In a letter written before her death in 1992 Jo Spence asked that people celebrate her birthday annually on June 15th. Today to celebrate the lasting impact of her life and work I am posting this article making connections between her inspiring autobiography Putting Myself in the Picture, her desire to take power over her own representation and a library of books which she collected in her lifetime.
Spence’s legacy is not only as a photographer but also as a writer who overcame her fears of revealing her class origins and being “found out” to be able to represent her ideas and tell her own story.
In recent years I have had the privilege to be able to sort through Spence’s considerable library of books and other material which was donated to Birkbeck College’s History and Theory of Photography Research Centre by one of her former collaborator’s, Terry Dennett.
Sifting through these eclectic books, magazines and journals; certain themes spring to obvious attention. Art, health, politics and all aspects of photography; it’s history, theory and practice are central to the collection, while some more surprising titles hint at Spence’s wider interests, humour and ways of working.
Spence’s career and photography was diverse. At different points she worked as a farm secretary, a high street wedding and portrait photographer and a secretary for the British Film Institute (BFI). In her photographic work she engaged with documentary photography and community projects. She photographed women at work and worked on problems of representation with women’s collective – the Hackney Flashers. She collaborated with the Polysnappers; a group of women photographers at the Polytechnic of Central London and worked with dolls to explore questions of the family, fantasy and gender roles.
Spence worked on projects about her own family album, fairy tales and gender representation. She was also a prolific writer, including writing on photomontage by John Heartfield and how women can use photography positively in everyday life. Working with Rosy Martin they developed practices of photo therapy. Utilising co-counselling, memory and childhood photographs, Spence and Martin re-visited, restaged and explored crucial parts of their lives and development in empowering ways.
Some elements of Spence’s work may appear disconnected. But when presenting her story and career in her written work Spence never attempted to gloss over any elements of her past which may have seemed less relevant. For example, she once attempted landscape photography. It was not her style, but she published some examples of this in her autobiography anyway, and with humour she comments that she quickly became convinced to “forget about it”. 
It is in Putting Myself in the Picture: A Political Personal and Photographic Autobiography, that a commentary emerges to give cohesion across her work and which can also help to appreciate the diverse contents of her former book collection. Rather than a linear narrative the autobiography is a collection of articles and pieces of writing which Spence put together as part of a development of her work in 1986. After having a Review of Work exhibition at the Cambridge Darkroom, Spence received feedback that it was difficult for viewers’ to negotiate the text heavy exhibition on the wall, and so she decided to present her story in a book format.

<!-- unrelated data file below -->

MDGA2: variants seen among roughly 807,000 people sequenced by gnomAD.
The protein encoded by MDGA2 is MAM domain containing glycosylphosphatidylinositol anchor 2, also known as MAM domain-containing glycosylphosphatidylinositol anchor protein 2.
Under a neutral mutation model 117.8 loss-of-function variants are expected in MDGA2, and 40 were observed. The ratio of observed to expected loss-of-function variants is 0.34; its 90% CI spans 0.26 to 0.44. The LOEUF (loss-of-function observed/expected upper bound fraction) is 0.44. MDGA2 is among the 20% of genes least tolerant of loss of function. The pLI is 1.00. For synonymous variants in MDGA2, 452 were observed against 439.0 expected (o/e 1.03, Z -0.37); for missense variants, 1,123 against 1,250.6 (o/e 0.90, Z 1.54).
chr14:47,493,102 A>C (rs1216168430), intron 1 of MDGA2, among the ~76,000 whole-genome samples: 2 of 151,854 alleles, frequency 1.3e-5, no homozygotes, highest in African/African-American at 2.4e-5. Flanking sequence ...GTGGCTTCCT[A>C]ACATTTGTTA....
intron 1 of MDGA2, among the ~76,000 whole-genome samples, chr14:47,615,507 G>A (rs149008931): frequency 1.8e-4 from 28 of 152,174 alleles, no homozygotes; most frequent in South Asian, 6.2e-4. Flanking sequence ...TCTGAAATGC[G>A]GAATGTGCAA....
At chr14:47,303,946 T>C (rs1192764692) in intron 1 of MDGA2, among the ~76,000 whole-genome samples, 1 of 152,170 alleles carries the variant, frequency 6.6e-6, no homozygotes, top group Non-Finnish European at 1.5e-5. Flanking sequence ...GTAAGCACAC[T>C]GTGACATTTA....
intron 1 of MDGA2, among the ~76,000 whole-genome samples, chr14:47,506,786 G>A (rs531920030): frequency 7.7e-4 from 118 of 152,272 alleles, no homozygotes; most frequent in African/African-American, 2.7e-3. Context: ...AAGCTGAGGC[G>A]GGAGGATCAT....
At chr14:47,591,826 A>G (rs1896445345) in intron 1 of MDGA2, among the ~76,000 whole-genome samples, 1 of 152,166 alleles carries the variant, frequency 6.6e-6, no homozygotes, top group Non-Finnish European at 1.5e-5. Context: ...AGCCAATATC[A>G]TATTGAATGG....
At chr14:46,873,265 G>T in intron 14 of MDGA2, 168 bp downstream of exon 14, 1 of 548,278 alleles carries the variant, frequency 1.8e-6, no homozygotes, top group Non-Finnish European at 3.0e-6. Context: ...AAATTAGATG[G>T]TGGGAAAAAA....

She actively resisted attempts to categorise herself and her work. When discussing her work and her attempts to document it through her writing she wrote:
I want this to stand in contradiction to the usual “history of photography” approach, which carefully arranges photographers in schools and genres, assumes that mostly we work alone, and perpetuates various myths about creativity, rather than acknowledging that we are positioned within a cultural and economic network of relationships.
Spence’s work addresses many themes which relate back and forth, in a process of relation and juxtaposition in much the same way that she utilised a wide variety of methods. Through different periods of her work she used therapy, montage, printed or handwritten text, props and costumes.
Martin has written of Spence that her “mission was to link the personal and political, to use her experiences as a focus to highlight issues of class, gender, disease and ageing”. Spence’s acknowledgement that her work did not stand alone in isolation of society or from her personal life makes it possible to understand how her work evolved as an interweaving of representation, community, politics, health and the impact of social history on the individual.
Spence questioned the ability of photographs to fully represent the world. This led her to become a prolific writer, believing it was essential to write about her work to fully convey her ideas and opinions and to avoid being misrepresented. She wrote of how she did not wish “to be fodder for the fantasies of other cultural workers” after numerous negative experiences with her representation on TV. As a result she made her own proposals for TV documentaries and in a similar way she ensured that she made her own written accounts of her life and work.
She did not only write about her own work, but also engaged in cultural theory debates. While working as a secretary at the BFI in the mid-1970s Spence’s confidence about her “cultural education” grew and she was able to research and write on the representation of women during the Second World War and the representations of white-collar workers in the media. Her resulting articles were published in Screen and other publications. Her research was based on evidence in the form of images she collected from the popular press, which she had gathered as part of her work with Photography Workshop, and which is now part of the Jo Spence Memorial Library Collection housed at Birkbeck.
Her strength of feeling about her need to express herself in writing is illustrated by photographs from a series entitled “Triple Somersaults” in which Spence dealt with her relationship with her mother in a series of Triptychs. In one, a handwritten note stuck to a wall above a shrouded body states grimly “WRITE or be WRITTEN OFF”. Lynda Nead has noted that this image